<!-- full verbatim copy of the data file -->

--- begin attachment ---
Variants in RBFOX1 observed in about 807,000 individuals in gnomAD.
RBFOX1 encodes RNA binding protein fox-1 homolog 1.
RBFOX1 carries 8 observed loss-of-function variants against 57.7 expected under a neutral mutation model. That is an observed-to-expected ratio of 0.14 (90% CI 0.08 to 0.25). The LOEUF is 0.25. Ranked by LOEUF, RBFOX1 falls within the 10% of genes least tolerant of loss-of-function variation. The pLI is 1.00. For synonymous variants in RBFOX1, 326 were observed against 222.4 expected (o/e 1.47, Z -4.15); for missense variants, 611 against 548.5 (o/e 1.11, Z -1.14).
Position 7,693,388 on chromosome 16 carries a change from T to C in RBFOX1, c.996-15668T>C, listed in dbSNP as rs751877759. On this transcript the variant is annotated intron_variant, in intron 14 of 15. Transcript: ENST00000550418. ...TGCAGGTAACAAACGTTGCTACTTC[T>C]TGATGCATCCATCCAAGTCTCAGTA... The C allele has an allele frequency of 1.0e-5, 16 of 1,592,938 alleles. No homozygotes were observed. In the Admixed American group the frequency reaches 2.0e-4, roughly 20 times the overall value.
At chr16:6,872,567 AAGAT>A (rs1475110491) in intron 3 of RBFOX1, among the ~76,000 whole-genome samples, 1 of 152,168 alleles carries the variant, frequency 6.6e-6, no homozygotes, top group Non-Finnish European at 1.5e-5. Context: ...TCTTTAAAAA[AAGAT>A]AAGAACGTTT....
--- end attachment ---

Variants in RBFOX1 observed in about 807,000 individuals in gnomAD.
RBFOX1 encodes RNA binding protein fox-1 homolog 1.
RBFOX1 carries 8 observed loss-of-function variants against 57.7 expected under a neutral mutation model. That is an observed-to-expected ratio of 0.14 (90% CI 0.08 to 0.25). The LOEUF is 0.25. Ranked by LOEUF, RBFOX1 falls within the 10% of genes least tolerant of loss-of-function variation. The pLI is 1.00. For synonymous variants in RBFOX1, 326 were observed against 222.4 expected (o/e 1.47, Z -4.15); for missense variants, 611 against 548.5 (o/e 1.11, Z -1.14).
Position 7,693,388 on chromosome 16 carries a change from T to C in RBFOX1, c.996-15668T>C, listed in dbSNP as rs751877759. On this transcript the variant is annotated intron_variant, in intron 14 of 15. Transcript: ENST00000550418. ...TGCAGGTAACAAACGTTGCTACTTC[T>C]TGATGCATCCATCCAAGTCTCAGTA... The C allele has an allele frequency of 1.0e-5, 16 of 1,592,938 alleles. No homozygotes were observed. In the Admixed American group the frequency reaches 2.0e-4, roughly 20 times the overall value.
At chr16:6,872,567 AAGAT>A (rs1475110491) in intron 3 of RBFOX1, among the ~76,000 whole-genome samples, 1 of 152,168 alleles carries the variant, frequency 6.6e-6, no homozygotes, top group Non-Finnish European at 1.5e-5. Context: ...TCTTTAAAAA[AAGAT>A]AAGAACGTTT....